Yes, people may spend “too much time” on Facebook these days, and making fun of twitter (a good friend of mine is a fan of the simple-yet-surprisingly-catchy phrase “Twitter is for twits”) is all the rage these days. The key point of these sites, however, their very purpose for existing, is to make life easier. It’s an efficient system — the most efficient a system we have — of communication between people. Like email before it, like the telephone before email, like the postal service before the telephone. For some reason, though, these devices get elevated to a supernatural status that Facebook and other social networking sites lack — McGauley writes that her friends could still get in touch with her through the phone or email, but what about when email was a brand new invention, with old-timers lamenting the death of the telephone? Or when the telephone was invented, marking the decline of the personalized letter?
Every great invention comes from improving upon an old invention or making some other thing obsolete, and to eschew these new technologies is to willingly, knowingly make one’s life more difficult, if only by a degree. Can one survive without Facebook? Of course. Can one survive without penicillin? Most likely, yes. Could we still have had an economic revolution without the cotton gin? Hey, maybe. But the very point of these inventions, their very reason for existing, is to make life easier, to create more free time and resources to allocate to a separate pursuit. These separate pursuits, this regained energy and free time, are the true values of these sites. It’s all about opportunity cost. Opportunity costs are these sites’ bread and butter.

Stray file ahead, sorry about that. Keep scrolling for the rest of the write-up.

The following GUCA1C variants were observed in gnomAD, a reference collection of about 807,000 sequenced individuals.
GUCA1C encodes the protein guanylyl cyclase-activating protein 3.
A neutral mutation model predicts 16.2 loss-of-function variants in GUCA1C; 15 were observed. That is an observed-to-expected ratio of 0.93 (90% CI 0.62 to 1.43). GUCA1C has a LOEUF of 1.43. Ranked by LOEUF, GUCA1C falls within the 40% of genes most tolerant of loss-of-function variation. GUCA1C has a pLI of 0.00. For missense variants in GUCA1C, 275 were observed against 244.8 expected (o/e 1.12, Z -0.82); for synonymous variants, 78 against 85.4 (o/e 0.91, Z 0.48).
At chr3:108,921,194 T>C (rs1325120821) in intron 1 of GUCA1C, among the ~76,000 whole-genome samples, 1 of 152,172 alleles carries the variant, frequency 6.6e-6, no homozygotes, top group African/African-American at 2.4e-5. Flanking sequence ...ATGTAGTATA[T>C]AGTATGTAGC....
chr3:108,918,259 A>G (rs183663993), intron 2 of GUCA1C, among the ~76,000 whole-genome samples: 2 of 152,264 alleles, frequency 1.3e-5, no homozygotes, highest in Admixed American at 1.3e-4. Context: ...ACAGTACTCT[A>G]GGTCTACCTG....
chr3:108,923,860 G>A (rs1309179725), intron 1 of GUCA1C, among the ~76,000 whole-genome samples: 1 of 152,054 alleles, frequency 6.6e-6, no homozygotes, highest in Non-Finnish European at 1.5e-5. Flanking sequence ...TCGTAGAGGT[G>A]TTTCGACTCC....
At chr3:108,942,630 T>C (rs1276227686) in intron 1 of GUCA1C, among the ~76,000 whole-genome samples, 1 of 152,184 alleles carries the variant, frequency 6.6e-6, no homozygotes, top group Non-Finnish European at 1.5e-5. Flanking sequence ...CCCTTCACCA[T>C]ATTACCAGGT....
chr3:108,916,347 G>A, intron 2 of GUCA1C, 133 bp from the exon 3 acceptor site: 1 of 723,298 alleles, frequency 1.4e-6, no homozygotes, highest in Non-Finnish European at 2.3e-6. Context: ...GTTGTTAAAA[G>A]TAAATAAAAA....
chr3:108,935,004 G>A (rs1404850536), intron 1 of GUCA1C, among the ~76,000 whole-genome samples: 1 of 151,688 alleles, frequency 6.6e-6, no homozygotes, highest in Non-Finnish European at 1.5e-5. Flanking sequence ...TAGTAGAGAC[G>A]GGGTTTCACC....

In his New Yorker article “How the Internet Gets Inside Us,” Adam Gopnik uses an elaborate metaphor likening social networking to toast. When bread became mass-produced in sold in perfectly-shaped loaves, Gopnik argues, the general uproar was that people would lose the experience of making their own lumpy, misshapen bread. The toast-process became streamlined but lost personality — the argument many critics make with regards to reading the news via Twitter instead of through an old-fashioned newspaper. Gopnik’s point, however, is that newspapers are filled with as much crap (like the homemade lumpy, misshapen bread) as Twitter and Facebook are — less serious offenses like bad comics to more flagrant issues of yellow journalism that irresponsibly shape the mind of the general public. “Toast,” Gopnik concludes, “…isn’t really about the quality of the bread or how it’s sliced or even the toaster. For man cannot live by toast alone. It’s all about the butter.”